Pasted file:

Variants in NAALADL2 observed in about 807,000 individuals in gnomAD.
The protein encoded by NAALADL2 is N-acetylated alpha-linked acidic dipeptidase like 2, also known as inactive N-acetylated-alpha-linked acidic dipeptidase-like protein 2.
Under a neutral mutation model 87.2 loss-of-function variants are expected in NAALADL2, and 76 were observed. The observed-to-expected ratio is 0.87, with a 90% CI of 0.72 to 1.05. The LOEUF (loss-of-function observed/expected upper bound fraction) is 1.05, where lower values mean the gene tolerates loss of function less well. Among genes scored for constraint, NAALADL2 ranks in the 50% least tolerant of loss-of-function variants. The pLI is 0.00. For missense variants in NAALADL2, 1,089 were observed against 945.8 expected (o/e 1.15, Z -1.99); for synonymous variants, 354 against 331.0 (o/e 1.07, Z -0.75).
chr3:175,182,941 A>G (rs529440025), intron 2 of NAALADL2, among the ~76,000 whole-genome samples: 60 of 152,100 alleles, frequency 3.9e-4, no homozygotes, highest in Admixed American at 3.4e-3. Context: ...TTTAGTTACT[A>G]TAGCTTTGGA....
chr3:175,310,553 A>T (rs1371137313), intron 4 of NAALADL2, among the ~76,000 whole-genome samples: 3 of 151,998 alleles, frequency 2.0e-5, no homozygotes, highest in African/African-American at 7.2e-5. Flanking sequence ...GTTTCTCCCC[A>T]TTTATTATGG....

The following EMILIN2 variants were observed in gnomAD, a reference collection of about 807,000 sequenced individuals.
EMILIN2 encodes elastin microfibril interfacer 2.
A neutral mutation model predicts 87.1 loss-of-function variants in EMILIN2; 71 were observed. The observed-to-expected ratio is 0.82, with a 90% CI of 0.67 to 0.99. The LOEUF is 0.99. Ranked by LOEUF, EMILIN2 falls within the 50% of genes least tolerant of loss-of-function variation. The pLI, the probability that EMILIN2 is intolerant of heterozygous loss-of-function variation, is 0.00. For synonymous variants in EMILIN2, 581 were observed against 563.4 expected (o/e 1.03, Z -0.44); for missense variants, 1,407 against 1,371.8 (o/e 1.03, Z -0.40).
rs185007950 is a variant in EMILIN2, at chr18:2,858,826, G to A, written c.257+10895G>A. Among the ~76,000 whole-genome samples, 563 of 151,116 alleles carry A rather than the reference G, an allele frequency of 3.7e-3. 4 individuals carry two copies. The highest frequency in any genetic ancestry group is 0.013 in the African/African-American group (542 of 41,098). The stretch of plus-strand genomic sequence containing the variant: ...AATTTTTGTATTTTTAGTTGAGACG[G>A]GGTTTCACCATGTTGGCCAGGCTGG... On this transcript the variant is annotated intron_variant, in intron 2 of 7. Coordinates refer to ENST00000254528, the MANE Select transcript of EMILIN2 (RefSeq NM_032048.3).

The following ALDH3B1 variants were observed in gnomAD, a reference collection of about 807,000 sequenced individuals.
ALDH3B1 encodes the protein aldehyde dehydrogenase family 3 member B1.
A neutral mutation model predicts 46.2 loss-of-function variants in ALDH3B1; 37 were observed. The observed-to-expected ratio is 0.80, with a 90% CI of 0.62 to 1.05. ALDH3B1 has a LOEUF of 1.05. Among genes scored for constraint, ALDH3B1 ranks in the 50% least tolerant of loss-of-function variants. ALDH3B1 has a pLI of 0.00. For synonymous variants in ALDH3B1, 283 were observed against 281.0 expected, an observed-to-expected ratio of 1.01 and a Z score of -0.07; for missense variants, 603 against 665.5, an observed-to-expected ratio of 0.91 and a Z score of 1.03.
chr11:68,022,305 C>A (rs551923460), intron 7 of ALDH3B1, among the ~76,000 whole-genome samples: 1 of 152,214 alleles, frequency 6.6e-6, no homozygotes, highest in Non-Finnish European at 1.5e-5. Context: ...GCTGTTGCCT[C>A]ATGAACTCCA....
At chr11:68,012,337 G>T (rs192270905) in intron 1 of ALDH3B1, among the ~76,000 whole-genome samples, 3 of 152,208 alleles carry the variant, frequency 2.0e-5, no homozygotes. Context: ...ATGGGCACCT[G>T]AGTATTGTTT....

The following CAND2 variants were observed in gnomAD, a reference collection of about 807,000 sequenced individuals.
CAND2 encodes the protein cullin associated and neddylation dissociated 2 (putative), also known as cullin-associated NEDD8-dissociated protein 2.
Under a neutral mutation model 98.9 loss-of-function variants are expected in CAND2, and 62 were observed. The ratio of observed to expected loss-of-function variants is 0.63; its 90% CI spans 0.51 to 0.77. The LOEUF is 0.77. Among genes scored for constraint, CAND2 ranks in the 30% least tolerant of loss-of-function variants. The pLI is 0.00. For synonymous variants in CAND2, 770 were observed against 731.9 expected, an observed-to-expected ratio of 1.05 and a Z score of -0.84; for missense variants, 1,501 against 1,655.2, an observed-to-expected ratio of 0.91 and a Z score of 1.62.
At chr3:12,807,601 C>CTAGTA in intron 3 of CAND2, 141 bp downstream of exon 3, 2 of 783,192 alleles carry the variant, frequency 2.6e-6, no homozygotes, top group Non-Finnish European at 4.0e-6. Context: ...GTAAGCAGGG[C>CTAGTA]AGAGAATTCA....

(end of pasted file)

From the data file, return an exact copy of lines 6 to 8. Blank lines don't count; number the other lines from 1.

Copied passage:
The following EMILIN2 variants were observed in gnomAD, a reference collection of about 807,000 sequenced individuals.
EMILIN2 encodes elastin microfibril interfacer 2.
A neutral mutation model predicts 87.1 loss-of-function variants in EMILIN2; 71 were observed. The observed-to-expected ratio is 0.82, with a 90% CI of 0.67 to 0.99. The LOEUF is 0.99. Ranked by LOEUF, EMILIN2 falls within the 50% of genes least tolerant of loss-of-function variation. The pLI, the probability that EMILIN2 is intolerant of heterozygous loss-of-function variation, is 0.00. For synonymous variants in EMILIN2, 581 were observed against 563.4 expected (o/e 1.03, Z -0.44); for missense variants, 1,407 against 1,371.8 (o/e 1.03, Z -0.40).